The school in Tchadoua is comprised of 5 small classrooms, among which one is made of concrete, two made of clay and the other two are simple sheds made of millet stalks and straw. The walls are bare and there are very few, if any, teaching materials to be seen.

Teachers here are very kind, they welcome us with cheers and friendly smiles. They are all very young, and most of them have not received any training on how to teach. Education in Niger is jeopardized by this, leading to a poor quality of education in schools and a very low level of pupils, as students have trouble staying engaged in lessons. One student out of ten in grade 4 can read the alphabet here.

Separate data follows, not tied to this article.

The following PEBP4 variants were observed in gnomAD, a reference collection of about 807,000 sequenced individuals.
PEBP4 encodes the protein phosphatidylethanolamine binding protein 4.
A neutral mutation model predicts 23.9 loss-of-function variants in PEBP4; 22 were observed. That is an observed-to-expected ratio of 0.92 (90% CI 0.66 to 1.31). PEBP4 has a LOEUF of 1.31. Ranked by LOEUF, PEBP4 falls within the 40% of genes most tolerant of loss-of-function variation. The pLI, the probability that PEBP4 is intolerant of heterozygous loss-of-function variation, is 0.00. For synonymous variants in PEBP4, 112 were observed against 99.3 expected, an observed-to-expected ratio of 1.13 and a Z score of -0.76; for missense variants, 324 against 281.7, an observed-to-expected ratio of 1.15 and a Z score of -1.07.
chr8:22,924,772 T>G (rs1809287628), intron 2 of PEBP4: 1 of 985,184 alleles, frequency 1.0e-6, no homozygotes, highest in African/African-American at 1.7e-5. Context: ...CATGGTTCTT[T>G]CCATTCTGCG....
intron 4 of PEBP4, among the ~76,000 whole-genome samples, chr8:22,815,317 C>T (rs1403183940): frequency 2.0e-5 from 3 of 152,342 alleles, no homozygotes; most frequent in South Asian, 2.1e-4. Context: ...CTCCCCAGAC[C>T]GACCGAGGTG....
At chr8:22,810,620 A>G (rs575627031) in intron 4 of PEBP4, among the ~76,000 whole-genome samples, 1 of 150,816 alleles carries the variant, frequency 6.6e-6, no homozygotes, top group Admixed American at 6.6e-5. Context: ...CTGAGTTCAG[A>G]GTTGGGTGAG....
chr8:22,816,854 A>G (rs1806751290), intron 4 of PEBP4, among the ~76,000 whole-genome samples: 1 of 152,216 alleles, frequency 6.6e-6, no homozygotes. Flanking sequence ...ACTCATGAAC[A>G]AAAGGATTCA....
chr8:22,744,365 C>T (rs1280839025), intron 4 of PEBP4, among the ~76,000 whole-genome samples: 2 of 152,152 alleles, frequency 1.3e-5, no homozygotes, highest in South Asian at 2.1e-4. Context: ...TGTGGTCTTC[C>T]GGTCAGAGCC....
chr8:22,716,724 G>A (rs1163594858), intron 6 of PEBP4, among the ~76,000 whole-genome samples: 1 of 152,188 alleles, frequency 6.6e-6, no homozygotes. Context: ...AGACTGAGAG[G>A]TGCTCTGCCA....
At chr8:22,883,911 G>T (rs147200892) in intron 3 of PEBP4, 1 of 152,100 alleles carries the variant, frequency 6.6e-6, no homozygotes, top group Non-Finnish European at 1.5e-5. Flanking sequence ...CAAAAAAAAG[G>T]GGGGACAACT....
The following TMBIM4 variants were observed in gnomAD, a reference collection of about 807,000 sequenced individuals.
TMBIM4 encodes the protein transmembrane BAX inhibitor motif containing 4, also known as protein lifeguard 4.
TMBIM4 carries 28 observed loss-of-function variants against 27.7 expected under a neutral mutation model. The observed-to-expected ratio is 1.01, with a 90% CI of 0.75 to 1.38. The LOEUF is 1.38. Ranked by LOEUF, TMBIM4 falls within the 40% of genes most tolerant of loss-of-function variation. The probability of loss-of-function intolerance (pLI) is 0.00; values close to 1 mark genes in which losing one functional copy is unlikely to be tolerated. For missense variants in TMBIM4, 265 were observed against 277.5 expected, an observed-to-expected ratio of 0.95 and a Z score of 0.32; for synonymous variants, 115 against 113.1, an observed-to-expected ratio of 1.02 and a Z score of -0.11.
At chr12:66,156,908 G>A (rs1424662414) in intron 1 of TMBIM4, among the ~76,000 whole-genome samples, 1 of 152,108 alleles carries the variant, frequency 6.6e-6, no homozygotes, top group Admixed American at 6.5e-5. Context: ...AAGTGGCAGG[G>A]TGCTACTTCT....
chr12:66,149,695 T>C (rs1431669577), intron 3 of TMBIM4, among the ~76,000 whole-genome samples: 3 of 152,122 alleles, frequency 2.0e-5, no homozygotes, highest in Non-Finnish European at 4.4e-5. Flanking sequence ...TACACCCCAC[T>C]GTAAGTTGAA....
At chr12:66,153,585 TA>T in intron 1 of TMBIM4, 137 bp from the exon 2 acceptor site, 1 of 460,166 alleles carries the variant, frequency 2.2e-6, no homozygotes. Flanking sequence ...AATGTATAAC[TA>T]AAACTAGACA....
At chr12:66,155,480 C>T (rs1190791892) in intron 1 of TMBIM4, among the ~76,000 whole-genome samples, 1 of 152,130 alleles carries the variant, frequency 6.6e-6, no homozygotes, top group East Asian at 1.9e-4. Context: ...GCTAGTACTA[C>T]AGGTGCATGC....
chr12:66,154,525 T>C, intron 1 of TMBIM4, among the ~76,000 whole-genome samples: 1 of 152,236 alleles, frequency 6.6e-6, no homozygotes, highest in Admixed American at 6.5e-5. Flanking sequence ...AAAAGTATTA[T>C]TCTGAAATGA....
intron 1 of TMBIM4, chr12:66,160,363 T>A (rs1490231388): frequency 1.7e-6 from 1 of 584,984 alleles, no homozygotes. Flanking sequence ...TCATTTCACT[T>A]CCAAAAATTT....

Nana Rouwaida and friends Aicha and Fatchima after playing a round of chalele, a game involving dancing, clapping and signing.
Nana Rouwaida and friends Aicha and Fatchima after playing a round of chalele, a game involving dancing, clapping and signing.

Such is the setting where Save the Children now implements its sponsorship program. Among the children struggling to learn in Tchadoua is 11-year-old Nana Rouwaida, twelfth child born of a family of thirteen. She is always joyful and smiling. Neither her struggles in school or the difficulties of her family’s farming lifestyle prevented her from developing the dream to become a nurse one day.

This dream become even stronger when she was sponsored by Helen, her new friend in the United States, who helps support sponsorship programs in her community and also supports Nana Rouwaida through their letter writing, always encouraging her to work hard in school.